Sport & Auto
- About Future
- Digital Future
- Cookies Policy
- Terms & Conditions
- Investor Relations
- Contact Future
No matter what fanboy flag you fly, Xbox, Sony, Amiga, only those completely lost to biased dementia would contest that Nintendo is the strongest first party developer in gaming history. Since Donkey Kong in 1982, Nintendo’s homebrewed games have been some of the greatest of all time. It was true on the NES when those game were part of a rich collection of amazing titles as well as during the desperate Gamecube days, when all owners could do was count the months till the next brilliant Nintendo game so they could blow the dust off their unused purple square.
Above: the most recent addition to the Nintendo collaboration quilt
And yet, when it seemingly doesn’t need help making their own great games, Nintendo has a long history of giving out their classic franchises with other developers. Sometimes these gambles resulted in remarkable titles, and in rare cases we ended up with some of the most hilariously terrible games of all time. Now that Nintendo’s collaboration with Team Ninja, Metroid: Other M, has just hit store shelves, come with us on a history lesson in sharing and caring.
When composing any list, you’ll end up with entries that were just shy of being included, but just weren’t “right.” Though many feel Hudson Soft’s Mario Party series got far too repetitive for its own good, it basically invented the Party genre of gaming, and very few game’s have that powerful an influence. Nearly every Kirby was developed by HAL Laboratory, and almost all of those games are worth remembering, but it was too complicated to just focus on a single game for an entry. And almost all the Mario sports games of the last decade-and-a-half, whether made by Camelot (Tennis/Golf), Square-Enix (3-on-3 Hoops), Namco (Baseball), or Next Level (Soccer), were all great entries in the casual sports market. Still, none were quite good enough to get on this list that begins with…
How it came about: Outside of Kid Icarus, no classic Nintendo series was as overlooked by the company than Punch-Out!! Getting its start as an arcade game, Punch-Out!! was an NES classic, and more of an intense puzzle game than the sports title in appeared to be. But outside of cameo appearances here and there, the series hadn’t been seen since Super Punch-Out!! in 1994. 15 years later Nintendo gave the franchise to developer Next Level Games, a group responsible for the pretty good Mario Soccer titles and some other less impressive games, like Spider-Man: Friend or Foe. Were the devs up to the task?
Why it was great: Turns out the Canadian game maker was, as Next Level Games took everything that was great about the original and updated it for the Wii. The quick, split-second timing needed to knock out your opponents was there, and worked best with the control scheme of turning the Wii Remote sideways like an NES controller. Each battle was a new puzzle to solve, though all but one of the guys Little Mac faced were repeats from the previous games, that didn’t mean beating them took the exact same tactics.
Plus it brought back the mostly innocent stereotypes of the original (weak French guy, syrup guzzling Canadians), a quaint, harmless feature that could have been killed by an attempt to be overly sensitive. It emulated the classic through and through, and while it may have been a little too inspired by the past instead of taking enough bold steps forward, it gave a whole new generation a chance to appreciate an almost forgotten classic. Though don’t bet on a sequel any time soon, as it unfortunately didn’t perform too well in sales.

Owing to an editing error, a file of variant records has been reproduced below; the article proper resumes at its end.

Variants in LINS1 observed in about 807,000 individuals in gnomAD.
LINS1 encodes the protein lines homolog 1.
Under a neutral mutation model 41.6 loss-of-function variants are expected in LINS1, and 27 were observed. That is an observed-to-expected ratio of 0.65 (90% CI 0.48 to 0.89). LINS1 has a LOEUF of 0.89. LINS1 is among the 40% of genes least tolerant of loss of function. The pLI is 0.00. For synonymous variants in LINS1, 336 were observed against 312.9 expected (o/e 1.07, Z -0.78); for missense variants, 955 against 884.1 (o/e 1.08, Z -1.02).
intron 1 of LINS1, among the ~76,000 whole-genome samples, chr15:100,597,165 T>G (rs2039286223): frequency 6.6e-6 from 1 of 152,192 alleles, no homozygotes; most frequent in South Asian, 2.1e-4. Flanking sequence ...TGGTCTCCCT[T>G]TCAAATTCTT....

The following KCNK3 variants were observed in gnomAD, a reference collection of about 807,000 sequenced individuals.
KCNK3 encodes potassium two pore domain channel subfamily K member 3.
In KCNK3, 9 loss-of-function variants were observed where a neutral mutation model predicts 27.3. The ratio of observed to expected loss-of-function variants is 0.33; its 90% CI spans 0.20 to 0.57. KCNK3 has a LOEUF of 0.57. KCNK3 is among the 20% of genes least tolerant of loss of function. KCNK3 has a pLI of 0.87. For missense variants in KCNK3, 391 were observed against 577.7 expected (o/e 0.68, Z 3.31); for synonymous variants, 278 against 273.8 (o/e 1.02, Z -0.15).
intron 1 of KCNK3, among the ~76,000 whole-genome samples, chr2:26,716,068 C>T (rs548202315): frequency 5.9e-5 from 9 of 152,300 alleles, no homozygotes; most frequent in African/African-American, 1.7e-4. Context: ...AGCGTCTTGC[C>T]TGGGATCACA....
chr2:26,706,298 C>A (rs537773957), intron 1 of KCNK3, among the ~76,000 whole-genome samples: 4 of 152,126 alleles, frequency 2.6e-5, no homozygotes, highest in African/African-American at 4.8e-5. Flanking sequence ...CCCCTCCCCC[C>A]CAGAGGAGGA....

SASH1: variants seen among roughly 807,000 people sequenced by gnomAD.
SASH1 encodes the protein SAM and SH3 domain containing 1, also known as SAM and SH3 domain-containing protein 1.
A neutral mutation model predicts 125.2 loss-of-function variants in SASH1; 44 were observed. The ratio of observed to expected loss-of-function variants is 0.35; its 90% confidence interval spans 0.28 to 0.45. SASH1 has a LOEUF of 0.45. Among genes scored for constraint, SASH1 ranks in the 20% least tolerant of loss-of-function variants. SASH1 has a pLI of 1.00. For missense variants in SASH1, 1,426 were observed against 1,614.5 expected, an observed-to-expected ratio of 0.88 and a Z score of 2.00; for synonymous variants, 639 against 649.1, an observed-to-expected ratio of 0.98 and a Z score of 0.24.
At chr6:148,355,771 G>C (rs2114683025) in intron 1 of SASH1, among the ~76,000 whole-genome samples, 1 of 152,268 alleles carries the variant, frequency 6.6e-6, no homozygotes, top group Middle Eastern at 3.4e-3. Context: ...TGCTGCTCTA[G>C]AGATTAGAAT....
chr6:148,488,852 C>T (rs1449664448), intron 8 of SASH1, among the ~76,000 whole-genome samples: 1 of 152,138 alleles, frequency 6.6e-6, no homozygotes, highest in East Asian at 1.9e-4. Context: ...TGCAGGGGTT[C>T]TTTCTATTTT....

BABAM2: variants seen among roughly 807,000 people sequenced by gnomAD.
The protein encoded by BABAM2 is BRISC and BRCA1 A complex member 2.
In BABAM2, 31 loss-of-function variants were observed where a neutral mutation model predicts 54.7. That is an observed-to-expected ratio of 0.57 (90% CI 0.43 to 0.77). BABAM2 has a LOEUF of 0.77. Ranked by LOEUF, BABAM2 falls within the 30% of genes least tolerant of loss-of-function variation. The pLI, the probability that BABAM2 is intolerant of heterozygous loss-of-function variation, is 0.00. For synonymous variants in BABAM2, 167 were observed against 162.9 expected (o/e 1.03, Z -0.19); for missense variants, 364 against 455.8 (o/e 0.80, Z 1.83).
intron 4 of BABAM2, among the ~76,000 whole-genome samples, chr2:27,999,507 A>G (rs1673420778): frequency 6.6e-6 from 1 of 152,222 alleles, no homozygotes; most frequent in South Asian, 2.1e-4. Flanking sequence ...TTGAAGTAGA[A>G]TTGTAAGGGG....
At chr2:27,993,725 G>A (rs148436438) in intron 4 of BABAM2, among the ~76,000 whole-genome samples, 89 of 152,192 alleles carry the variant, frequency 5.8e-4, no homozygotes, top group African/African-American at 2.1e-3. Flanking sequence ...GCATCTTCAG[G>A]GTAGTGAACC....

How it came about: In the mid-90s, RPGs in the West were considered niche titles fit for a small but devoted audience, despite being one of the biggest selling genres in Japan. Nintendo had tried several times to change this, publishing Dragon Warrior and Earthbound in the USA to little success. One of their last attempts before Final Fantasty VII changed everything was Super Mario RPG. Developed by RPG powerhouse Square under the watchful eye of Shigeru Miyamoto, this would be the final teaming of Nintendo and Square before the RPG dev decided to go exclusive with Sony’s PlayStation brand for the next six years.
Why it was great: Using the shiny pre-rendered graphics made famous by a later entry on this list, at the time it had some of the best looking graphics the dying SNES had seen. Sure, now almost every character looks akin to a poorly-articulated claymation blob, but back in the day we were astounded. Also, it easily had the deepest story any Mario game had to that point, or has had since. Though beginning with Mario saving the Princess from Bowser, soon a new big bad appears and throws the Kingdom into chaos. Mario’s quest for the seven stars takes him to the farthest reaches of the Mushroom Kingdom, including many areas not seen before or since.
While it failed to make RPGs universally accepted by mainstream gamers, Super Mario RPG was a fine adventure that handily gelled the platforming action of Mario games with the deep story and stats of Square’s RPGs. Plus it started a dynasty of classic Mario RPGs, up to and including 2009's Mario & Luigi: Bowser’s Inside Story. Not bad for the last dance between Square and Nintendo.